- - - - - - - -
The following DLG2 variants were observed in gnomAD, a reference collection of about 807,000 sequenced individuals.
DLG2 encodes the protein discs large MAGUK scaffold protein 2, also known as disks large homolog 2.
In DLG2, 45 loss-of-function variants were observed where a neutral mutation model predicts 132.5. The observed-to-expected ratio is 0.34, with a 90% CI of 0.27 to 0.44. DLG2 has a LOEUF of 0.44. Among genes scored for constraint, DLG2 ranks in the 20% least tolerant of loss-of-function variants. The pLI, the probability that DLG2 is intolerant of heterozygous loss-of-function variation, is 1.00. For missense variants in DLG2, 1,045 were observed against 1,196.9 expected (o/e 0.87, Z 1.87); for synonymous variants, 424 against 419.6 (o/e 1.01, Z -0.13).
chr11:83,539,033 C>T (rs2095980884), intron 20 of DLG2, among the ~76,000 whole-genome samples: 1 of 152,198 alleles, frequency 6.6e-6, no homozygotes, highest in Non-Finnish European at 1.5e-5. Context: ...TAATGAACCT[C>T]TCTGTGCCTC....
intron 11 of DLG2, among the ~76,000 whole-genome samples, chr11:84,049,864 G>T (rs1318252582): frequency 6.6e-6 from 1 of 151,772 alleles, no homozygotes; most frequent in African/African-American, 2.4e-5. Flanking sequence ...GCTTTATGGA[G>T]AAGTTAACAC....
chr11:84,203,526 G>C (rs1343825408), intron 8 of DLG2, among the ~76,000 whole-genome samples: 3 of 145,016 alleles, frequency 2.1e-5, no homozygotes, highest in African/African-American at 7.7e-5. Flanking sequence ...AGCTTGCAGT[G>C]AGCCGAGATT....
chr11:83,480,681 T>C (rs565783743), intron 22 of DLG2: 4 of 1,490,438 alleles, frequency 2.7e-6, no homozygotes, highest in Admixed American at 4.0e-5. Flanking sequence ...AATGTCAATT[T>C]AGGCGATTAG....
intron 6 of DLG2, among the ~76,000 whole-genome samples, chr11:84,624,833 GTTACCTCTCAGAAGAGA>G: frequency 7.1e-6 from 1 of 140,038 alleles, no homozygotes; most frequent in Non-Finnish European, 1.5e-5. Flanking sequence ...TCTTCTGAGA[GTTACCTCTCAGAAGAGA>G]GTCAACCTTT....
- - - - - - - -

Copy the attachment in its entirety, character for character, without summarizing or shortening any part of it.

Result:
The following DLG2 variants were observed in gnomAD, a reference collection of about 807,000 sequenced individuals.
DLG2 encodes the protein discs large MAGUK scaffold protein 2, also known as disks large homolog 2.
In DLG2, 45 loss-of-function variants were observed where a neutral mutation model predicts 132.5. The observed-to-expected ratio is 0.34, with a 90% CI of 0.27 to 0.44. DLG2 has a LOEUF of 0.44. Among genes scored for constraint, DLG2 ranks in the 20% least tolerant of loss-of-function variants. The pLI, the probability that DLG2 is intolerant of heterozygous loss-of-function variation, is 1.00. For missense variants in DLG2, 1,045 were observed against 1,196.9 expected (o/e 0.87, Z 1.87); for synonymous variants, 424 against 419.6 (o/e 1.01, Z -0.13).
chr11:83,539,033 C>T (rs2095980884), intron 20 of DLG2, among the ~76,000 whole-genome samples: 1 of 152,198 alleles, frequency 6.6e-6, no homozygotes, highest in Non-Finnish European at 1.5e-5. Context: ...TAATGAACCT[C>T]TCTGTGCCTC....
intron 11 of DLG2, among the ~76,000 whole-genome samples, chr11:84,049,864 G>T (rs1318252582): frequency 6.6e-6 from 1 of 151,772 alleles, no homozygotes; most frequent in African/African-American, 2.4e-5. Flanking sequence ...GCTTTATGGA[G>T]AAGTTAACAC....
chr11:84,203,526 G>C (rs1343825408), intron 8 of DLG2, among the ~76,000 whole-genome samples: 3 of 145,016 alleles, frequency 2.1e-5, no homozygotes, highest in African/African-American at 7.7e-5. Flanking sequence ...AGCTTGCAGT[G>C]AGCCGAGATT....
chr11:83,480,681 T>C (rs565783743), intron 22 of DLG2: 4 of 1,490,438 alleles, frequency 2.7e-6, no homozygotes, highest in Admixed American at 4.0e-5. Flanking sequence ...AATGTCAATT[T>C]AGGCGATTAG....
intron 6 of DLG2, among the ~76,000 whole-genome samples, chr11:84,624,833 GTTACCTCTCAGAAGAGA>G: frequency 7.1e-6 from 1 of 140,038 alleles, no homozygotes; most frequent in Non-Finnish European, 1.5e-5. Flanking sequence ...TCTTCTGAGA[GTTACCTCTCAGAAGAGA>G]GTCAACCTTT....